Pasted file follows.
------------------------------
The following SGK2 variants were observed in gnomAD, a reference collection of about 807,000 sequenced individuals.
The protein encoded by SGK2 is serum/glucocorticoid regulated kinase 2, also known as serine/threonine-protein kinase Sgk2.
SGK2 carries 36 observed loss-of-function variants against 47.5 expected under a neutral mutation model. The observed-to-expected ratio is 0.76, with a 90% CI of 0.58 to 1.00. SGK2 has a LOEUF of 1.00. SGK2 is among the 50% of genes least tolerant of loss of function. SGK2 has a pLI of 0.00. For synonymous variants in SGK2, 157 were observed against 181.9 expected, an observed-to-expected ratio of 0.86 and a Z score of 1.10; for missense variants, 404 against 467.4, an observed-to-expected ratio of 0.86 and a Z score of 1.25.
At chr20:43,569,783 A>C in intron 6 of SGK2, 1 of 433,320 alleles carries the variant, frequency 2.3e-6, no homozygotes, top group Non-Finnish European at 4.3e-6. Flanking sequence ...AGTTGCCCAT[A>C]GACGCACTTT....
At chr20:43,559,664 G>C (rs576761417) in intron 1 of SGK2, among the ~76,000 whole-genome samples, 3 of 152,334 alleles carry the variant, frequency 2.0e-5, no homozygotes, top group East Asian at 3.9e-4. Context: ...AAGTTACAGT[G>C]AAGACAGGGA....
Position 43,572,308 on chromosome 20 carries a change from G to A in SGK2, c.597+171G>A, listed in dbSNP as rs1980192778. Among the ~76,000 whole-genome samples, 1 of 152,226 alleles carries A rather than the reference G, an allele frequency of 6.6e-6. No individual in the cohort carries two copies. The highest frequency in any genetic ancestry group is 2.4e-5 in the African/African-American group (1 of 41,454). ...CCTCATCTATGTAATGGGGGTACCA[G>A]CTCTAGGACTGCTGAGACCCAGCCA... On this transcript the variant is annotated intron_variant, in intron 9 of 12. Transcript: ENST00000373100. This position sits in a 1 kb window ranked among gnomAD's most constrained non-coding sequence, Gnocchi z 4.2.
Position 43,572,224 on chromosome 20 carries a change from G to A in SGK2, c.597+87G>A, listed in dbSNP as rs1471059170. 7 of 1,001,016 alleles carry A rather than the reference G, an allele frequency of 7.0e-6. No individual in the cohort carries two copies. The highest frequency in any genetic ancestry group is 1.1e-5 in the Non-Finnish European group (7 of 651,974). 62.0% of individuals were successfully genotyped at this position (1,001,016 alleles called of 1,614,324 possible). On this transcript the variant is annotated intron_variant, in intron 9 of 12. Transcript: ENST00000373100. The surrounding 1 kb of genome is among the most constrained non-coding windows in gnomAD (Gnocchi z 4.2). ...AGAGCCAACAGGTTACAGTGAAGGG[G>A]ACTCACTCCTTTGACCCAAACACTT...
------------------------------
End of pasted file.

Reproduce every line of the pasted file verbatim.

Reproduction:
The following SGK2 variants were observed in gnomAD, a reference collection of about 807,000 sequenced individuals.
The protein encoded by SGK2 is serum/glucocorticoid regulated kinase 2, also known as serine/threonine-protein kinase Sgk2.
SGK2 carries 36 observed loss-of-function variants against 47.5 expected under a neutral mutation model. The observed-to-expected ratio is 0.76, with a 90% CI of 0.58 to 1.00. SGK2 has a LOEUF of 1.00. SGK2 is among the 50% of genes least tolerant of loss of function. SGK2 has a pLI of 0.00. For synonymous variants in SGK2, 157 were observed against 181.9 expected, an observed-to-expected ratio of 0.86 and a Z score of 1.10; for missense variants, 404 against 467.4, an observed-to-expected ratio of 0.86 and a Z score of 1.25.
At chr20:43,569,783 A>C in intron 6 of SGK2, 1 of 433,320 alleles carries the variant, frequency 2.3e-6, no homozygotes, top group Non-Finnish European at 4.3e-6. Flanking sequence ...AGTTGCCCAT[A>C]GACGCACTTT....
At chr20:43,559,664 G>C (rs576761417) in intron 1 of SGK2, among the ~76,000 whole-genome samples, 3 of 152,334 alleles carry the variant, frequency 2.0e-5, no homozygotes, top group East Asian at 3.9e-4. Context: ...AAGTTACAGT[G>C]AAGACAGGGA....
Position 43,572,308 on chromosome 20 carries a change from G to A in SGK2, c.597+171G>A, listed in dbSNP as rs1980192778. Among the ~76,000 whole-genome samples, 1 of 152,226 alleles carries A rather than the reference G, an allele frequency of 6.6e-6. No individual in the cohort carries two copies. The highest frequency in any genetic ancestry group is 2.4e-5 in the African/African-American group (1 of 41,454). ...CCTCATCTATGTAATGGGGGTACCA[G>A]CTCTAGGACTGCTGAGACCCAGCCA... On this transcript the variant is annotated intron_variant, in intron 9 of 12. Transcript: ENST00000373100. This position sits in a 1 kb window ranked among gnomAD's most constrained non-coding sequence, Gnocchi z 4.2.
Position 43,572,224 on chromosome 20 carries a change from G to A in SGK2, c.597+87G>A, listed in dbSNP as rs1471059170. 7 of 1,001,016 alleles carry A rather than the reference G, an allele frequency of 7.0e-6. No individual in the cohort carries two copies. The highest frequency in any genetic ancestry group is 1.1e-5 in the Non-Finnish European group (7 of 651,974). 62.0% of individuals were successfully genotyped at this position (1,001,016 alleles called of 1,614,324 possible). On this transcript the variant is annotated intron_variant, in intron 9 of 12. Transcript: ENST00000373100. The surrounding 1 kb of genome is among the most constrained non-coding windows in gnomAD (Gnocchi z 4.2). ...AGAGCCAACAGGTTACAGTGAAGGG[G>A]ACTCACTCCTTTGACCCAAACACTT...